Agencies in search of revenue will try to take as many families as they can together with the children in the home, as a family of four can be worth over $100,000 to an agency.
Knowing this, some social workers will use this lucrative endeavor to secure contract employment for themselves, with a new agency.
This does not have to be a bad thing, as some foster parents over time form excellent working relationships with a contract social worker. However, there is always the risk of the lack of objectivity, or collusion between the social worker, and the foster parent.
Further, the world of contract social work is rife with minor corruption and rules violations. Social workers will get around the rules governing the amount of cases they may have, by taking jobs in two counties.
One worker, who has left our geographic area, had so many cases, the county concluded that signatures from foster parents on home visit forms had to be forged. And the investigators were well on their way to proving it.
Agencies if they like the worker, will tend to overlook this, and or, have them sign some meaningless piece of paper stating that they will not engage in this practice.
It is well known that foster care has more meaningless signatures on pieces of paper, than just about any other job in the entire world.
This would almost be funny, until one considers the dozens of abused and neglected children, who failed to get appropriate services, or help from those entrusted to do just that.
It must be asked, as in the case of Teens Happy Homes; Do other agencies have current board members, or employees, with criminal backgrounds, fraud or other sexual harassment charges in their past?
Tell us, are their other sleazy felons who are board members, like there are at Teens?
A promised crackdown by the Board of Supervisors, and Wendy Watanabe, of agencies that have board members who are also contractors with their agencies, or have some other type of conflict of interest, means that somebody is in store for quite of bit of work.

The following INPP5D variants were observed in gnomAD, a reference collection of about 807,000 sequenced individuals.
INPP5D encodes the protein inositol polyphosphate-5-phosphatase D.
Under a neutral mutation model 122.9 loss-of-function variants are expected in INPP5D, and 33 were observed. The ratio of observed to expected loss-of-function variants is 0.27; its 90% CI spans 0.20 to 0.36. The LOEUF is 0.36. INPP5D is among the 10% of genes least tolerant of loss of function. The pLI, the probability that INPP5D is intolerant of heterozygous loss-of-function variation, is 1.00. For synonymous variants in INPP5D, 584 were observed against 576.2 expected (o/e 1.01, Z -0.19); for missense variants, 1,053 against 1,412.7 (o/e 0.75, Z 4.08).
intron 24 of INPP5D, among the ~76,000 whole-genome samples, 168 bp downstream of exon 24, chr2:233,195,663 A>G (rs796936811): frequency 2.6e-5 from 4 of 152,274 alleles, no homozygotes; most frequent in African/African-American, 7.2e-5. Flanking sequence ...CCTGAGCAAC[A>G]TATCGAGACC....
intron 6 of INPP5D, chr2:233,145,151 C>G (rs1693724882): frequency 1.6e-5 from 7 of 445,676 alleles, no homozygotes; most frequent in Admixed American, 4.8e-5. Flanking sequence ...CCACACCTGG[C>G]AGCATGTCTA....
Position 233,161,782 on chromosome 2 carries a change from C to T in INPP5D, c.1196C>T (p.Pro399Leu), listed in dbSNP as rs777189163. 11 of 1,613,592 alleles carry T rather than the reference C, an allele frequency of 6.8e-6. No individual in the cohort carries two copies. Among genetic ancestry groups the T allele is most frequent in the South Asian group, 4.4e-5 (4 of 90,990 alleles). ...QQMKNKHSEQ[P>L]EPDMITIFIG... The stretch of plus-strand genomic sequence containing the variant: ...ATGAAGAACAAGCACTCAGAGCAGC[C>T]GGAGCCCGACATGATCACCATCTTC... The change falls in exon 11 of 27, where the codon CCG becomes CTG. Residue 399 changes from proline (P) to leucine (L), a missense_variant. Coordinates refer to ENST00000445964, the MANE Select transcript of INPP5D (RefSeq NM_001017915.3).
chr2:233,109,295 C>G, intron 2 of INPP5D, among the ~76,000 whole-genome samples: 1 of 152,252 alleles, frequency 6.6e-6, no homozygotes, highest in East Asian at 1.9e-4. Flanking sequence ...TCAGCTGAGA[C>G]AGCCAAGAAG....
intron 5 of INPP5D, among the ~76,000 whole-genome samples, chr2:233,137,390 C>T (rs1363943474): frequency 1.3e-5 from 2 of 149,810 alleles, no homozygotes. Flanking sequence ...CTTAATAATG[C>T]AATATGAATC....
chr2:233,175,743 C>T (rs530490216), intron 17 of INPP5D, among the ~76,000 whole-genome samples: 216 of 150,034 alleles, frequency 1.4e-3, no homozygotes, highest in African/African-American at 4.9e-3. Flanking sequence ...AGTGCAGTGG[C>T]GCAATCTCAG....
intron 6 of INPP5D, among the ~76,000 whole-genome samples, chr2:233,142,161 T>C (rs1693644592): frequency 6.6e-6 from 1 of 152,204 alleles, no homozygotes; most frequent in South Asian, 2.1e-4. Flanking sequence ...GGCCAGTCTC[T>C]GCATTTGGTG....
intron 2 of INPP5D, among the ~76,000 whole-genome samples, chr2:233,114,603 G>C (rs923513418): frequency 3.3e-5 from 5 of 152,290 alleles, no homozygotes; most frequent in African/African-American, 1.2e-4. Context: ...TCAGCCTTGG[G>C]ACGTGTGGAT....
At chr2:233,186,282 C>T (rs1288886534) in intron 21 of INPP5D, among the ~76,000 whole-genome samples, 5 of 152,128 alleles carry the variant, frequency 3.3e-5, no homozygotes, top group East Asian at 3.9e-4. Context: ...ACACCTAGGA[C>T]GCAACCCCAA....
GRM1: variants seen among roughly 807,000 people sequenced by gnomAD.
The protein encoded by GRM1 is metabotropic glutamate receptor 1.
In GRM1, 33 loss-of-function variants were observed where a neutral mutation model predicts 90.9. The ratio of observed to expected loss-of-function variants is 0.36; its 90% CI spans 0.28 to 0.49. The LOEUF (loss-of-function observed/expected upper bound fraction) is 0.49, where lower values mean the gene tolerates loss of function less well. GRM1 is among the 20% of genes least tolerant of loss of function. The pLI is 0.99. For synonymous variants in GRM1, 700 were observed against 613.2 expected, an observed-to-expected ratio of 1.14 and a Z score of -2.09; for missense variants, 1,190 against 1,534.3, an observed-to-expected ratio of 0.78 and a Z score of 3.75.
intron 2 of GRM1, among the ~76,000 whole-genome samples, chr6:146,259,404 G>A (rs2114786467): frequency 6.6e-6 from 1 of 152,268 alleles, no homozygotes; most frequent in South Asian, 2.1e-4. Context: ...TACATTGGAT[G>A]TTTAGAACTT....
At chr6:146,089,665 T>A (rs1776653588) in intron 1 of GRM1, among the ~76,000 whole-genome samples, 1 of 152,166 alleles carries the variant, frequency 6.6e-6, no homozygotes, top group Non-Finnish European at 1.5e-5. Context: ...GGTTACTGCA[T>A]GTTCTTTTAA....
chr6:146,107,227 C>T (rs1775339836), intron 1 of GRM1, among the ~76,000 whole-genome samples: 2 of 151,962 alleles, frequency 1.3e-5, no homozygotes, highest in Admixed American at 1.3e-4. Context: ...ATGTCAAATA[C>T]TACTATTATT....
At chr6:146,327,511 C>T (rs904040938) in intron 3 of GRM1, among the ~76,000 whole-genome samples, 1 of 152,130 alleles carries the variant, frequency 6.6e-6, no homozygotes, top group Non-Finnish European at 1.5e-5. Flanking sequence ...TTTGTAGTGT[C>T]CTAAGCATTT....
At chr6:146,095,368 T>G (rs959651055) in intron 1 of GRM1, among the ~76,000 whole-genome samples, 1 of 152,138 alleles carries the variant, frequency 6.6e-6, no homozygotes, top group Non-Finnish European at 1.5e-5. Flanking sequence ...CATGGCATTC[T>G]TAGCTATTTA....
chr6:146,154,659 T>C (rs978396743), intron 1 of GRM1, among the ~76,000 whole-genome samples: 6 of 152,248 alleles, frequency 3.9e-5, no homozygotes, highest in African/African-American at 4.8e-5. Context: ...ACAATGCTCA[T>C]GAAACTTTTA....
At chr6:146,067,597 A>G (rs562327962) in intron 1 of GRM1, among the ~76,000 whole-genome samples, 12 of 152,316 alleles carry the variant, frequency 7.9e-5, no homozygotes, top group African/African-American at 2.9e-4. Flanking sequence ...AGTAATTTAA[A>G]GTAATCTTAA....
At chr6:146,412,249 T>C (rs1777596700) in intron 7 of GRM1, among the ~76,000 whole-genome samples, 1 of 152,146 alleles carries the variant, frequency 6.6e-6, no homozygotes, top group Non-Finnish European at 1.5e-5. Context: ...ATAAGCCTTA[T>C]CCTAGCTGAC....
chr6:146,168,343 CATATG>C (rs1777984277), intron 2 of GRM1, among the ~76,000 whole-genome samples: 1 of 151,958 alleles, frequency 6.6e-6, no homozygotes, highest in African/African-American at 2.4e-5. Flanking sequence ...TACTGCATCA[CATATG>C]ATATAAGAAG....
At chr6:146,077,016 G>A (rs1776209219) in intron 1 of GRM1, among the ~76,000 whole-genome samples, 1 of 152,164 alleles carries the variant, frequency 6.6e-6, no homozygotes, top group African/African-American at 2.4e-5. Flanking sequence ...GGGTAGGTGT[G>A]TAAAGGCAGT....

Because until now, this has been a typical practice. Conflict of interests are the rule, not the exception.
And finally, will anyone ever be prosecuted for fraud or malfeasance? After millions of dollars allowed to go any which way, we have yet to see a single conviction of a CEO or board member.
Because in Big Government Foster Care, nothing really happens, until a child dies.
The second shoe has begun to drop, and it now appears that Teens Happy Homes will soon be closed. You can read about it here.
Garett Therolf continues to do stellar work on this story, and it is nice to see the media take an interest in the subject, and do the good investigative work necessary, to bring about a bit of improvement in the lives of the foster children, attached to this agency. This is important stuff.
However, as usual, at other suspect agencies, malfeasance alone, is not enough to warrant many words on the subject, or action by regulators. Or for that matter, action by law enforcement.
Malfeasance, must be accompanied by child deaths or significant injuries, before any action is taken, to bring some culprits to moderate justice.
An example of this can be seen with United Care, which was closed a few years ago. In one of the below recordings given to the Times, consultant Jorge Gutierrez, when speaking about Craig Woods and United Care, pointed out that it wasn’t the death of Viola Vanclief that caused United Care to be closed.
Rather it was Craig’s “stubbornness” in not paying back the bulk of the money, which the county said, had been illegally siphoned by a former employee. (Almost $250,000).
At United Care, an innocent toddler was murdered, before malfeasance warranted a heavy hand by the county, which shut down the agency.
Similarly, another agency was shut, fairly recently, accompanied by similar financial wreckage, payments to felons, and encompassed a plethora of creepy individuals, enough to turn one’s stomach.
However, in the case of this other agency, there wasn’t a lot of child welfare violations. This circumstance warranted minimal media attention, despite missing funds amounting to hundreds of thousands of dollars. Not sexy enough?
Things are different with Teens, but why did it take so long?
Part of the real story, is that Teens fiscal audit is not yet completed, after 3 years! Much of the information should have been acted upon, much earlier.
Sincere kudos, to Ms. Watanabe, who admitted county auditors dropped the ball with Teens. And yet, officials, and media, were warned, by this author and others, in 2010, regarding many similar allegations.
Malfeasance, as well as child welfare issues, at Teens, were continuously ignored.
Surely this garbage dump was an open secret. Social workers, current and previous staff members, must have stiff necks from looking the other way all the time.
Obviously at Teens, and quite clearly, one dare says, at other agencies, payment for minimal or nonexistent work, occurs with willful blindness, by staff, and regulaters. In some places, it is blatant.